The Practice of Recollection

This isn’t an oblique reference to Back to the Future but a brief thought about something most of us need more than we realise: the habit of taking a few moments throughout the day to pause our activity, go into ourselves, as it were, and emerge with a more thoughtful, more purposeful grasp of what we are about.

The Latin word from which we get ‘recollection’, recolligere, means ‘to gather back’; and I think most of us understand how easily we become dispersed or unfocused in the course of the day. For monks and nuns it is easier, of course. We have the structure of the Divine Office to remind us, at regular times, of God and the things of God. But in a busy life, where the majority of the people we meet probably have little religious understanding, we’d be thought odd, if not actually mad, were we to make any kind of physical withdrawal in order to pray. Unlike our Jewish and Muslim friends, we Christians have largely abandoned the ancient practice of formal prayer at set times throughout the day. That doesn’t mean, however, that we have to give up the idea of turning to God in the course of our everyday life. We can practise recollection anywhere and at any time.

There are many opportunities for finding a moment or two to recollect ourselves. Walking from one floor to another (you do take the stairs, not the lift, don’t you?), before switching on the car, while waiting for the kettle to boil, we can turn to God interiorly and simply lay before him all that we are and do. Grace works to a timetable of its own. All we have to do is open ourselves to it; and that doesn’t take very long or require ‘optimum conditions’. How about making ‘Give grace a chance’ our slogan for today?

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5 thoughts on “The Practice of Recollection”

  1. I find bus journeys an ideal time for ‘going within’. It’s a betwixt and between time when I have left one place/activity but have not yet arrived at the next.

  2. The time for reflection or recollection is precious and we waste it quite a lot. I do try to stop and reflect and at least have the excuse that retirement means that I’m only busy on domestic chores or when I’m researching for essays (bane of my life) or for sermons (a privilege afforded to me in the past year or so that I truly value).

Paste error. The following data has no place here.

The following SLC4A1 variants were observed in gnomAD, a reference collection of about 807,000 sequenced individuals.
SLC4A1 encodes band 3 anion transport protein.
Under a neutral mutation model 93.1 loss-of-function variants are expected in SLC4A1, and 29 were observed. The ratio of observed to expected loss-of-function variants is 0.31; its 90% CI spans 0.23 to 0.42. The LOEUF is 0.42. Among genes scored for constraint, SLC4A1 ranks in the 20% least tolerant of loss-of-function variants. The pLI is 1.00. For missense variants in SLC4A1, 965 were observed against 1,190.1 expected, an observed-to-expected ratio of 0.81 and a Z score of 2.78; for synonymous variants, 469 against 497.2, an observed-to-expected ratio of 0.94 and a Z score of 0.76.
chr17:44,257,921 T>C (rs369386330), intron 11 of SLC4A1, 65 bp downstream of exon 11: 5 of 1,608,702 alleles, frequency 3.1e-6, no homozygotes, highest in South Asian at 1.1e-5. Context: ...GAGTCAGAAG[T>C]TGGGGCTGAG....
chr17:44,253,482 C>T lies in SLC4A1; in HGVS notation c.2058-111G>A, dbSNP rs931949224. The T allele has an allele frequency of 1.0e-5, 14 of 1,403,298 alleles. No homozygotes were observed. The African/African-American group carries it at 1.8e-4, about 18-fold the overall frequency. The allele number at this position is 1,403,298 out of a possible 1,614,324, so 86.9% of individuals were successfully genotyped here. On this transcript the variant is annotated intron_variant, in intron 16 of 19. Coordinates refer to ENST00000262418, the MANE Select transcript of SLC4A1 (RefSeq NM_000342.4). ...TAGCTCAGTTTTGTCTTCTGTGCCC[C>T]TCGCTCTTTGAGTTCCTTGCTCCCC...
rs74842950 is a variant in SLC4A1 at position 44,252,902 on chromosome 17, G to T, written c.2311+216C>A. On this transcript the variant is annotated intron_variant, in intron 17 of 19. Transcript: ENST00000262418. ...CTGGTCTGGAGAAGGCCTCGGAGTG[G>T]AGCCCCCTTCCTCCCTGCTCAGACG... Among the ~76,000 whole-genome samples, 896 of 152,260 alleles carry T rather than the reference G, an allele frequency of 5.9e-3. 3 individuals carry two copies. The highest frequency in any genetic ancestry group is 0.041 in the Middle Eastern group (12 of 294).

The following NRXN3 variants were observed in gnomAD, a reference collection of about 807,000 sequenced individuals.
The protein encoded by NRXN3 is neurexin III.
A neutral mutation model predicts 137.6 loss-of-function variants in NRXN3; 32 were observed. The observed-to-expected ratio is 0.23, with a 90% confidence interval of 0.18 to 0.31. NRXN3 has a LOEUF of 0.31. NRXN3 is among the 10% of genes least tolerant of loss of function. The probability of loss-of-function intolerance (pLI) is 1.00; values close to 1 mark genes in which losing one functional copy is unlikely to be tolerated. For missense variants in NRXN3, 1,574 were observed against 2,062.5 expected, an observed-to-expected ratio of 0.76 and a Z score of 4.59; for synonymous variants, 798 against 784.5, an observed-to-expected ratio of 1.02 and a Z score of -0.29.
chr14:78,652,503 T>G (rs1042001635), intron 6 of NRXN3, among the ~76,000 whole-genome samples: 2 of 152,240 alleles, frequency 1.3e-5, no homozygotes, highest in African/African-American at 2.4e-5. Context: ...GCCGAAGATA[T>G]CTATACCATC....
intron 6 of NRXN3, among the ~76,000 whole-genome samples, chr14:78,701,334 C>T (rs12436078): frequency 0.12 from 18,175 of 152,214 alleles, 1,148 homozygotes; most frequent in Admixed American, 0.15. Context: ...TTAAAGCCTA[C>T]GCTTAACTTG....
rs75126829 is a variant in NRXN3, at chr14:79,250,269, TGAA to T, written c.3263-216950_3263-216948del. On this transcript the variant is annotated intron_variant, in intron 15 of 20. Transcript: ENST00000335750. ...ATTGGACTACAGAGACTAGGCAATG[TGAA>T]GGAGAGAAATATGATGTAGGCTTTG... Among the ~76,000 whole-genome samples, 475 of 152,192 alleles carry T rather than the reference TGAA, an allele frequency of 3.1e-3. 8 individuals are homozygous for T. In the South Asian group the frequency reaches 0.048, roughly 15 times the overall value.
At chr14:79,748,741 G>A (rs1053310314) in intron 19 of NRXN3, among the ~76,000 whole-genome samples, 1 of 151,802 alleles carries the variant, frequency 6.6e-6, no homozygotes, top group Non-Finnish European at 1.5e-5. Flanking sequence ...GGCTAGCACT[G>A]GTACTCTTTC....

I have taken up table tennis in recent months, and it’s having a good affect on my health, mobility and weight, but also on recollection – watching more skilled players, playing shots and working out how I can do that – it takes discipline patience, but eventually we get there.

    This is a transferable skill to recollection. Watching to see where God might be working in ourselves or in others and thanking him for the Gift of Grace, which permits us to serve in quite unexpected ways, others, the Church.

    It’s great for instance to be learning so late in life, that it’s not us who are in control, but God and allowing him to take the lead. It takes us to unexpected places, encounters and enlightens somehow of God’s action which is such a powerful instrument, working among us, that we often don’t see it, until its results become obvious.

    That is where recollection comes in and is so useful to take the time and stop and to reflect upon it.

  3. Finding/making/spending time whatever I call it – is very hard to do when it comes to reflection/recollection. I have found it useful to mark out routine times in my day as suggested. I walk to work and pass two churches. I make an effort to spend the moments as I see the buildings, time for reflection. I have had problems (even when with people who have been brought up as Christians like me) if I try to reflect before a meal then say grace. Any hint of this seems to make people feel very awkward.
    It is thus easier to do at times when there is nobody else around but these are fewer and fewer these days…

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